Mild-mannered embryology professor by day, three-quarter ambidextrous left handed juggler by night, Derek Doroski finds fascination in life through faith, facts and fun.
Doroski holds a doctorate in biomedical engineering from the Georgia Institute of Technology and Emory University. His love for integrating faith and science led him to the campus of Franciscan University of Steubenville.
He questioned what God’s will for him was during his college years and kept his eyes and ears open to newly-arising opportunities. After talking to a Franciscan student at a wedding about stem cell research, the student advised him to teach at Franciscan. “I realized I loved to teach, and I could explain science comes out Catholic when looked at objectively,” said Doroski.
“Franciscan was the first place I looked for a job,” Doroski said. “I applied for the job … and I didn’t get the job!” Eric Haenni, who holds a doctorate in zoology, was hired instead. Later, when a faculty member passed away from cancer, Doroski reappeared on the scene to fill the position.
“The fact that he got the job first and then I got the job actually allowed (Franciscan) to have both of us,” Doroski said. “If I had gotten the job first, (Haenni would have been) teaching at another university.”
During his eight years at the university, Doroski has had the pleasure of teaching embryology, a class that introduces the development of a child in the womb. For the class, Doroski does a lesson called the name-the-baby project. The class observes the growth of an embryo from conception to birth through PowerPoint starting on the second day of class. By the end of the semester, the students create names and vote on the best first and last names.
One year in the naming process of the project, the class was deciding between “Val Jean” and “Everdeen” for the last name of the baby. “No one said anything when I said ‘Everdeen,’ and then when I said … ‘and Val Jean,’ it was this great explosion of excitement,” Doroski said.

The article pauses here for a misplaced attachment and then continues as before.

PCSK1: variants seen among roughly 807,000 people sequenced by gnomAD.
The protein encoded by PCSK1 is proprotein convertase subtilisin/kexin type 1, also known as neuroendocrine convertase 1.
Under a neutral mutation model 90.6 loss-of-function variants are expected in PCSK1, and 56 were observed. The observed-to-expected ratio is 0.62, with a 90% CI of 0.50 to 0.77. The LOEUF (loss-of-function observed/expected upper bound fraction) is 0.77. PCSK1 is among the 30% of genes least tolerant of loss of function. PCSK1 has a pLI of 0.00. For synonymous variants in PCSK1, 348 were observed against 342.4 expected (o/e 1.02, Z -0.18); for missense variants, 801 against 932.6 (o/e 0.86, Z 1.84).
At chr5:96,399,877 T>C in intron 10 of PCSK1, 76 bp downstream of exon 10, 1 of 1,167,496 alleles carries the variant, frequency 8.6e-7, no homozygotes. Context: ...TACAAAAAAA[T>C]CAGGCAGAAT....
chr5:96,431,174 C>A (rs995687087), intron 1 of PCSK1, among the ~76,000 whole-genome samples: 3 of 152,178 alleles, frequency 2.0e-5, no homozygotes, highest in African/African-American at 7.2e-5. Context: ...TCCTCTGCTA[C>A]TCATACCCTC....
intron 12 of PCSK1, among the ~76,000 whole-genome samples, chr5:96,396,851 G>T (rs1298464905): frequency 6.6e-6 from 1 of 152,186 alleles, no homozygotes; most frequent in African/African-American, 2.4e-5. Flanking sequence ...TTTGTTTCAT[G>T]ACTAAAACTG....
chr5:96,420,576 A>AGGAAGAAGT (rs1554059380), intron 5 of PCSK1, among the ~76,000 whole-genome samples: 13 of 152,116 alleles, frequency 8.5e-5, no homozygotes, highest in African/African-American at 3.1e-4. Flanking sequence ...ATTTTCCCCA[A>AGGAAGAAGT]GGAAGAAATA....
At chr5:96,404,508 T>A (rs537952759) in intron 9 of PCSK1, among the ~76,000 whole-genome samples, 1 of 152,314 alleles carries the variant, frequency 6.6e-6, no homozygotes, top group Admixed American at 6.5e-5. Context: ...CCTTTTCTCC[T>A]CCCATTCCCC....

When he finally announced the baby’s full name, Thor Everdeen, the reaction was hilarious. “When I announced ‘Everdeen,’ one guy in the back corner goes ‘Yeah!’” he said, mimicking the student’s excited reaction with fists halfway in the air.
Aside from atypical school projects, Doroski holds an appreciation for the Marvel universe and Lord of the Rings. “I feel like a key part of superheroes is they need to have limitations,” he said. Doroski’s favorite superhero is Spider-Man due to his moral values and tragic life story. “He’s like a college student. He has no money,” he said jokingly.
“It’s the same reason I like Samwise Gamgee. In Lord of the Rings, he is my favorite character because he’s so useless,” Doroski said.
He went on to compare Samwise’s character with the faithful, saying that even though he seems insignificant, he ends up playing an important role in the story. “I feel like that’s how God sees us. We’re Samwise to him. We’re all the most important person in the world even though we’re small and useless.”
An important non-fictional person to Doroski is his doppelganger, senior Keith Montenegro. Doroski said that he and Montenegro are constantly confused for each other. “I’m a Germa-Poli-pino,” he explained, wittingly describing his German, Polish and Filipino roots. “He is Irish, Norwegian, Filipino. … I’ve gone to things and students would say ‘I thought you were a student.’”
Overall, Doroski desires to be as knowledgeable as possible. “One of my goals is to know 90 percent of everything,” Doroski said. “In any topic, the first 90 percent (of knowledge) is the easiest, and the last 10 percent of knowledge is about 20 times harder to learn than the first 90 percent.” Even with a doctorate, Doroski will not stop learning something new every day.